A skiing family, to the Max: Sunlight like home to Dooses | PostIndependent.com

A skiing family, to the Max: Sunlight like home to Dooses

You may not know this, but when you ski at Sunlight, you’re really skiing in the Doose family’s winter backyard.

Well, not really. They don’t own the land at the resort or run mountain operations – at least not anymore. But as a family, they probably have put more miles on Sunlight’s runs than any other related group of folks.

Glenwood Springs resident Max Doose (pronounced “dose”) was the first in the family to ski. Max’s daughter Claudia said her dad first started skiing when he was in his 30s, on Red Mountain in Glenwood Springs during the 1940s.

“This was before the chairlift,” Claudia said of the lift that transported skiers from Glenwood up the north-facing slope. “They had some kind of lift to haul people up there.”

Max continued his love of skiing at Redstone, where another makeshift lift was set up near the Redstone Castle.

“That was pretty much a straight run, where you’d go through the trees, grabbing the quakies as you went,” said Claudia of the aspen-lined hillside.

Max married his wife Burneice and the couple had three children: John, Claudia and Terry. Max got Burneice skiing, and all his children. John remembers taking day trips up the Roaring Fork Valley during the early ’60s and skiing at Aspen Highlands.

“Tickets were $2.50,” remembered John.

A U.S. Postal Service rural route mail carrier, Max had the Four Mile Road delivery route, so in the early ’60s, when he heard from one of his customers, John Higgs, that Higgs was planning a ski area up the road, Max was first on the list to check it out.

“Dad knew John, so two years before Sunlight opened, we got to go up the hill on a snowcat,” John said. “It was where Ute is now. We’d get to go up there and take a couple runs. There was nobody up there but us.”

Sunlight opened in 1966 – and the Dooses were first in line.

“It took Sunlight opening to really hook us,” Claudia said of the family’s passion for skiing.

The whole family took lessons from a couple of Austrian ski instructors Sunlight had imported to teach at the area. Max quickly befriended them, and his skiing improved. So did the entire family’s.

“I was going to school at Western State,” said Claudia, “so I’d come home and ski on the weekends at Sunlight, and I’d ski at Crested Butte and take lessons.”

“There wasn’t anybody up at Sunlight,” John Doose remembered.

But Max was always there. He’d finish his mail route by noon, John said, and head up to the mountain. And Max’s ski fanaticism rubbed off on his kids.

“After a year, I quit school and came home to ski bum,” said Claudia, smiling. She said she’d do odd jobs, like paint the bathrooms or work in the ski shop at Sunlight, just to have a pass.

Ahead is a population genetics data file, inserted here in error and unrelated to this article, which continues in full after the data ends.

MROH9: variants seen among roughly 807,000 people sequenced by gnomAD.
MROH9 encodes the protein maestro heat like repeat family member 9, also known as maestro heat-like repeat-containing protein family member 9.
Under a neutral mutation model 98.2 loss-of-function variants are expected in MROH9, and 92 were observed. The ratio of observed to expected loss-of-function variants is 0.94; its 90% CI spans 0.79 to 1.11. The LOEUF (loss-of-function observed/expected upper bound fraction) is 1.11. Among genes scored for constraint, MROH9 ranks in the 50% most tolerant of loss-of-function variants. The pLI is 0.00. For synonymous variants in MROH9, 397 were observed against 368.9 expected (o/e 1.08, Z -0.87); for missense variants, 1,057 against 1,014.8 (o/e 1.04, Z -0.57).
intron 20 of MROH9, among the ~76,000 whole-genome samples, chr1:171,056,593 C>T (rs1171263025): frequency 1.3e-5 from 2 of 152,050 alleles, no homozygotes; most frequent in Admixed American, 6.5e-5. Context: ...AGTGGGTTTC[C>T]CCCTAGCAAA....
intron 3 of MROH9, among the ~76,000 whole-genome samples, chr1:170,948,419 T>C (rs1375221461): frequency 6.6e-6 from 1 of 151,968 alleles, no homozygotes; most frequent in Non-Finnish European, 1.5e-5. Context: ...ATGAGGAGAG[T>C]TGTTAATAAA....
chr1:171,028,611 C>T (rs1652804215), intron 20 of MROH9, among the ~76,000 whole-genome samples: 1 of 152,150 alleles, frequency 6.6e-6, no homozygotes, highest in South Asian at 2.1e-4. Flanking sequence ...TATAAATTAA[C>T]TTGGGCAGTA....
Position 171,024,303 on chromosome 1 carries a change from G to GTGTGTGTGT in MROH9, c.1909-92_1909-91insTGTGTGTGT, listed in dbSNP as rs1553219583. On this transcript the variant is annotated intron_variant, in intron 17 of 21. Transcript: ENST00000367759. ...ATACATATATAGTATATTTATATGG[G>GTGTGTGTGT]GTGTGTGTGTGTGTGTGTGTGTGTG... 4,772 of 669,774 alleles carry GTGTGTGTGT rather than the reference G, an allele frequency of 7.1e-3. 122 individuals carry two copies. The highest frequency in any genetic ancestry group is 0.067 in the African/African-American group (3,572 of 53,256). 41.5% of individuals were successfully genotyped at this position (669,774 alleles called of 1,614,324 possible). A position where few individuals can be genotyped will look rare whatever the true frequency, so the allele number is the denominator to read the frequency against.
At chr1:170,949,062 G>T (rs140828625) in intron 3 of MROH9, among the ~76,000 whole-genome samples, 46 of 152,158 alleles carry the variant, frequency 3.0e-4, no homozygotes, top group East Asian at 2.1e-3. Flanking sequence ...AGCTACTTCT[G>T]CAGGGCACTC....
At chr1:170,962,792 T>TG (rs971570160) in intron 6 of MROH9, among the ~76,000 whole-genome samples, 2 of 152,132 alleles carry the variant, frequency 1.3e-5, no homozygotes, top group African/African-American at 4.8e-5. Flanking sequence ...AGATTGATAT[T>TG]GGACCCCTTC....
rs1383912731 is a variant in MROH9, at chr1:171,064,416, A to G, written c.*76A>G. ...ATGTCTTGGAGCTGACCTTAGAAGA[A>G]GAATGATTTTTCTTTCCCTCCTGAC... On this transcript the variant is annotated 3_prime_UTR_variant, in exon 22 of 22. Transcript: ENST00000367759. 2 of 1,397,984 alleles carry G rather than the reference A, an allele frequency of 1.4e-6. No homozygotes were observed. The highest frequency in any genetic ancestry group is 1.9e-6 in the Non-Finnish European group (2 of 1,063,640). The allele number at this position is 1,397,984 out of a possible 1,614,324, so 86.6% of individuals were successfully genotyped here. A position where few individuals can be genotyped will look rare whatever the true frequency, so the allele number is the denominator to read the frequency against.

She lived in the Brettelberg Inn apartments at the base with a group of girlfriends. Later she became an instructor, and then a ski school supervisor.

John was bitten by the ski bug too, as was Terry. In 1969, John started the Sunlight ski patrol and became the patrol director. He met his wife Diane, and the couple skied together whenever they could. Terry worked on the mountain too, loading lifts and teaching.

“We were ski freaks,” John said.

With his kids all gainfully employed at Sunlight, Max wanted a job too – so he created one.

“He called himself the courtesy patrol,” said John.

After his mail route, he’d head up to the mountain, and fill a backpack with wrenches and screwdrivers in case he ran across anyone who needed a binding repair or adjustment. He’d ski around and find people who needed a guide. And he’d help the ski patrol sweep – check for any wayward skiers – at the end of the day.

“He was an ambassador,” said Claudia. “And he did it because he loved it. Nobody told him to do it. He didn’t get paid. He just loved being up on the mountain.

“Mom would come up on the weekends, too. We were all there.”

On Jan. 31, 1971, Max Doose had just finished a morning of skiing with his daughter-in-law Diane.

“He told me that day I was finally looking like a skier,” Diane said with a smile. “He said it as a compliment.”

John and Diane had gone into town and weren’t at Sunlight. Max was on the deck on Sunlight’s day lodge smiling about a run he had just taken on Blue when he collapsed. Claudia was steps away.

“I was giving him cardiac massage and artificial respiration right there on the deck,” she said. Her father died of a heart attack at age 63 at one of his favorite places on earth.

“He always said he wanted to die like an Indian,” said Claudia, “to just go out into the woods and die.”

Max may be gone but his spirit runs strong at Sunlight. The mountain has been home to four generations of Dooses enjoying the mountains and winter sports. Burneice has long since put up her skis, though John, Diane says, still manages to get in a couple runs on the weekdays, just like his dad.

Their children, Jaime, Kim and John Jr., all grew up skiing and riding the mountain, and Terry’s daughter Vandie Shea is an avid snowboarder. And Claudia, her husband Paul Plattner and their daughter Teal know Sunlight’s runs as well as anyone.

And now, John Jr. and his wife Tanya’s son, Max II, continues the legacy, learning to love the same mountain his great-grandpa did. When he skis down Little Max, a run named after his great-grandpa near the top of the mountain, the circle really is complete.

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